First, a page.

For the gentle-men, the most desired will be the Joker.
And what to my wondering eyes does appear, but a newspaper headline with a validation most clear:
Looking for Halloween ideas? Joker and Palin costumes are hot
To be honest, I suspected I had powers of clairvoyance ever since a woman vaguely resembling Roma Downey bumped up against me on a Germany subway, but now I’m sure of it and must give warning:
Stan Lazarus, of Muncie, Indiana: today, you and Phil from accounts receivable will decide on Scotty’s Brewhouse for lunch and hop in your truck. As you make the turn out of the Duffy Tool parking lot onto Kilgore, Phil will try to turn the radio on. DO NOT LET HIM DO THIS! You accidentally left the volume on after rocking to the oldies on WERK 104.9 last night, and when Phil switches the radio on, the Righteous Brothers’ version of Unchained Melody will come on with such force that you will involuntarily jerk the wheel and clip the curb, taking out a traffic sign and doing several thousand dollars worth of damage to the grill and chassis of your Ram.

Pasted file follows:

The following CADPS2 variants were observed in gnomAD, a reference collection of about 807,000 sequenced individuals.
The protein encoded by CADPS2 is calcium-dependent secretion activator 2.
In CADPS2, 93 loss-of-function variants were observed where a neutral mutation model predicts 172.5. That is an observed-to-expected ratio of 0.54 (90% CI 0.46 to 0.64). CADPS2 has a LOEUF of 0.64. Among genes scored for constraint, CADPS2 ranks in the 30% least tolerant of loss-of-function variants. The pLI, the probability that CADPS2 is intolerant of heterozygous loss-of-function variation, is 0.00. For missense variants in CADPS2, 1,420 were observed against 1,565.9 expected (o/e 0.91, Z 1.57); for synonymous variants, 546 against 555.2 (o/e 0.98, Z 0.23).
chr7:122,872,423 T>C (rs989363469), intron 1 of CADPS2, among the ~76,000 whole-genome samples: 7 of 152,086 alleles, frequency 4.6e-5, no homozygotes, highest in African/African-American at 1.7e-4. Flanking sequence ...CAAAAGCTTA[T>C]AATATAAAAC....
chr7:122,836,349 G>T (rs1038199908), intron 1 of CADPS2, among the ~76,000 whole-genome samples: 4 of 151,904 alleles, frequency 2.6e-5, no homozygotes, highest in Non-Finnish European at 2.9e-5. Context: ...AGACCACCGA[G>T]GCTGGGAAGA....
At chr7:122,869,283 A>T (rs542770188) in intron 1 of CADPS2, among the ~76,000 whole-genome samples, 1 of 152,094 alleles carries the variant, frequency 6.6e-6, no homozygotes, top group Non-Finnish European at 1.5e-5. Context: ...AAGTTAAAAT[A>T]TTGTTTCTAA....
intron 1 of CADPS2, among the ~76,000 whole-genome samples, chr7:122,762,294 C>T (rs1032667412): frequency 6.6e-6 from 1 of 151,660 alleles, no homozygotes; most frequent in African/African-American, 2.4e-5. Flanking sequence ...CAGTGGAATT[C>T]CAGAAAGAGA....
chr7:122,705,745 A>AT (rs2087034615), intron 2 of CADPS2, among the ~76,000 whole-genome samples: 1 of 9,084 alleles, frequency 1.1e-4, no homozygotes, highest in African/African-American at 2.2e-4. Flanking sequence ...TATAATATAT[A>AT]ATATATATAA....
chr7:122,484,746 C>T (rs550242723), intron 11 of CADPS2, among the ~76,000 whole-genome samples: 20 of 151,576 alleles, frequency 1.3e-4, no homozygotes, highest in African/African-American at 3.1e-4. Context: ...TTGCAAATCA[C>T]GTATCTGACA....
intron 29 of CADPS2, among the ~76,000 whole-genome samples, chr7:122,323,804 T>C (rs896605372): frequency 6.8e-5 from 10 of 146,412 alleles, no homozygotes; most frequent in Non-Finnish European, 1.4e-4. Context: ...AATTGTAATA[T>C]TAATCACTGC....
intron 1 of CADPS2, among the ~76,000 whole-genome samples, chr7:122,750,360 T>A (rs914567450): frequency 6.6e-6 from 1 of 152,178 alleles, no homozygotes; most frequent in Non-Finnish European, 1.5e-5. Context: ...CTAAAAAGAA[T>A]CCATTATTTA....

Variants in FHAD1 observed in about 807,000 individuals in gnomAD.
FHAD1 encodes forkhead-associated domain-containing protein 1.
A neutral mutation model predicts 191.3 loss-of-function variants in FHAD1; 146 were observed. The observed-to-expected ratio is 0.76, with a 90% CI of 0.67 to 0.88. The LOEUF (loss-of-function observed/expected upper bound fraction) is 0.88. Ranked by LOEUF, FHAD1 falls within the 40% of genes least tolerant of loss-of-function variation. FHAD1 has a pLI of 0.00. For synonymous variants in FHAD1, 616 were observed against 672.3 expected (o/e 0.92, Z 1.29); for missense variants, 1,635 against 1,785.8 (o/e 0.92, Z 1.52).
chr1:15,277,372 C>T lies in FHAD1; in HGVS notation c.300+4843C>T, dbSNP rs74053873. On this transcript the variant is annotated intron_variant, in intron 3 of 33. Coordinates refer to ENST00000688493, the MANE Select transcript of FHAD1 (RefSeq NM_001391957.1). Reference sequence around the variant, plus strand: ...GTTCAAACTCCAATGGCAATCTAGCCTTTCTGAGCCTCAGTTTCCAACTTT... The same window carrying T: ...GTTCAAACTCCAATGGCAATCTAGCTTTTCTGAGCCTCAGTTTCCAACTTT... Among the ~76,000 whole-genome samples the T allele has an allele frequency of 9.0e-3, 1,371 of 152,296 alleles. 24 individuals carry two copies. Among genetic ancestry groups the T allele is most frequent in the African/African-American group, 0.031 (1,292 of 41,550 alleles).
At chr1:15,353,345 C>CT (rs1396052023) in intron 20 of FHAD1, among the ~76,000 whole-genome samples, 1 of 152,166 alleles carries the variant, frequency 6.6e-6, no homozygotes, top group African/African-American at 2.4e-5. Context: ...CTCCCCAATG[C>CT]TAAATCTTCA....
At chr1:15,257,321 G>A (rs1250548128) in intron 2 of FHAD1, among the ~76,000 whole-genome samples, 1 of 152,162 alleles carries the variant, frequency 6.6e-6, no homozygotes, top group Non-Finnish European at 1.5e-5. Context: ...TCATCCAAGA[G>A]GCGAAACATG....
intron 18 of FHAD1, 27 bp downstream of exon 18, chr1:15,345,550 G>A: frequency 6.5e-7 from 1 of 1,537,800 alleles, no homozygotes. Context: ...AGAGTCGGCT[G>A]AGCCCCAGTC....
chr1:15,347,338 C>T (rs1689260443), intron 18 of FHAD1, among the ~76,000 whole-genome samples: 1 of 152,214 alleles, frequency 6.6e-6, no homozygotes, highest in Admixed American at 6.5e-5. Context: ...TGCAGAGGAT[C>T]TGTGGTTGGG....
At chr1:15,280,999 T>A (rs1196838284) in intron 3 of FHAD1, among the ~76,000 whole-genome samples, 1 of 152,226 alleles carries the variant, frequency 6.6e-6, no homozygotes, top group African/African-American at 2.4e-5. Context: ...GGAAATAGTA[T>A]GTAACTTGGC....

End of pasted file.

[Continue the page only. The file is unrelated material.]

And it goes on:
Also, Scotty’s will overcook your burger, so order it rare.
Sometimes all it takes to swing from loss to profit is the stroke of a pen:
Changes in accounting rules allowed Deutsche Bank to avoid a loss for the third quarter.
The new rules enabled the bank to reduce its write-downs by nearly $1 billion, giving it a net profit of 435 million euros, or $573 million. Analysts had widely expected a loss.